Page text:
Friday, January 7, 2011

Midwest/ East Coast Storm Analysis 1/7/11 afternoon

First up, we'll check out the new models.

The ECMWF, a leader in recent days but faltering in the last couple runs, says now that the storm will shoot out of Mexico, scrape the Gulf Coast, and move up the East Coast. However, the ECMWF model says the storm will be away from land enough so not much effect will be brought.

For the GFS, a wobbly model in the last few runs straying away from the ECMWF model at points, says that it will hug the Gulf Coast, move up the Southeast coast and fire away from land, preventing a East Coast storm.

The UKMET model's early indications say that the storm will go with the ECMWF track. It is too early for the UKMET to depict the East Coast storm period.

The CMC model is very unique at this point. It starts out scraping the Gulf Coast, then suddenly shoots up north, enough to affect the Great Lakes eastward. A second low forms parallel to it and lets a Nor 'Easter form, enough to that snow will fall onshore.

The NOGAPS model says that 2 lows will form. One will take the original ECMWF track and be a coast-hugger up to North Carolina. The other low will cut through the middle US, affecting the Midwest, Great Lakes with substantial snow. By North Carolina, the two lows combine to form a single low that continues to be a coast-hugger, bombing out with rapidly deepening pressures (a stronger storm).

The WRF model is indicating 2 lows will form. One will take the Gulf Coast track, and although the time frame is short, early indications are that a low, deepening, will possibly move through the Midwest, letting heavy snow form in that region.

The ETA model, better known as the NAM model, a more major model, says that a low will, again, scrape the Gulf Coast. However, since this model time frame is again short, not much can be gathered this far out. However, early indications are that another low may begin moving up the Central US. This will need more monitoring.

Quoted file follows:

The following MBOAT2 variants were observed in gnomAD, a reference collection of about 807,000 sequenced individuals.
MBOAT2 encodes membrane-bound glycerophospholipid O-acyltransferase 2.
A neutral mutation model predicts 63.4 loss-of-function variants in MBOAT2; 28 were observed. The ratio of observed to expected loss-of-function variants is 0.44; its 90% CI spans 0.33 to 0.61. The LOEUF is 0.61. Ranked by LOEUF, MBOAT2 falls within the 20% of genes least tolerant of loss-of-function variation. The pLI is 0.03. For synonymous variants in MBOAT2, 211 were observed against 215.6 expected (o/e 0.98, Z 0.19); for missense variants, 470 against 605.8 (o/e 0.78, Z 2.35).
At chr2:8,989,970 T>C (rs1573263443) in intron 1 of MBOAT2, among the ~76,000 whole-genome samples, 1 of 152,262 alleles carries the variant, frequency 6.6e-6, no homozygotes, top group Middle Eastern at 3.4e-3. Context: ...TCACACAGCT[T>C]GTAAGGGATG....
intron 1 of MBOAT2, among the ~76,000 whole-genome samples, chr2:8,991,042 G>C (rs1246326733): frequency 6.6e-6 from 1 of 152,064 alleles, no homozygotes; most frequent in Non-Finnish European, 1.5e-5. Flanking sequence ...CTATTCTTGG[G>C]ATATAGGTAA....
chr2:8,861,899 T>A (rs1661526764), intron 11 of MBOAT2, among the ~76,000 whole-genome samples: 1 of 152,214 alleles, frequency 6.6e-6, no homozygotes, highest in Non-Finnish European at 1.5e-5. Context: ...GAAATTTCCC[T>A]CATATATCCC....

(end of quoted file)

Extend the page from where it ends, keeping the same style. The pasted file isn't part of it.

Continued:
DGEX model puts the low much farther north than this morning, providing the Midwest with very nice snow. It also goes absolutely nuts with the East Coast storm and lets it run wild as a coast hugger.

SREF Ensembles have a low coming north as well.

This afternoon report was surprising. The NOGAPS model went back to what it had been saying a couple days ago, and some short-range models are liking that same solution. The CMC is taking a unique track.
When it comes down to it, a couple things can be made clear.
*The Gulf Coast Track will be the track taken. All models indicate that.
*There is now a real possibility of a north track into the Central US.

There are things that remain unclear, though.
*The East Coast Storm.

At This time, will not take model output for Midwest, but I am leaning towards a northerly track ATTM.
For East Coast storm, I will take a GFS/ECMWF track, as I feel there must be error room for this storm.

5/8 models take northerly track.



ECMWF- Comes from Mexico, a bit farther south than before.
CMC- Storm separates into 2 lows. One going up north affecting Great Lakes.
NOGAPS- Low in the gulf, farther north than ECMWF.
GFS- NOGAPS track.
DGEX- Low farther east as it goes up into New England.

Discussion... DGEX may be moving towards the East Coast storm, preventing precipitation in the Great Lakes. At this time, will take a track going through the NOGAPS track and ending a GFS track.


ECMWF- Farther out to sea.
CMC- Coast Hugger.
NOGAPS- Coast Hugger storm as well.
GFS- Starts off as a weak coast hugger, deepens much later than any other model, and goes out to sea.
UKMET- Too early to see.
DGEX- Similar to GFS track.

Discussion... It appears the ECMWF track may be aligning with the GFS track. That is against the CMC and NOGAPS, which show Coast Huggers. For now, will take no east storm solution and go with GFS/ECMWF track.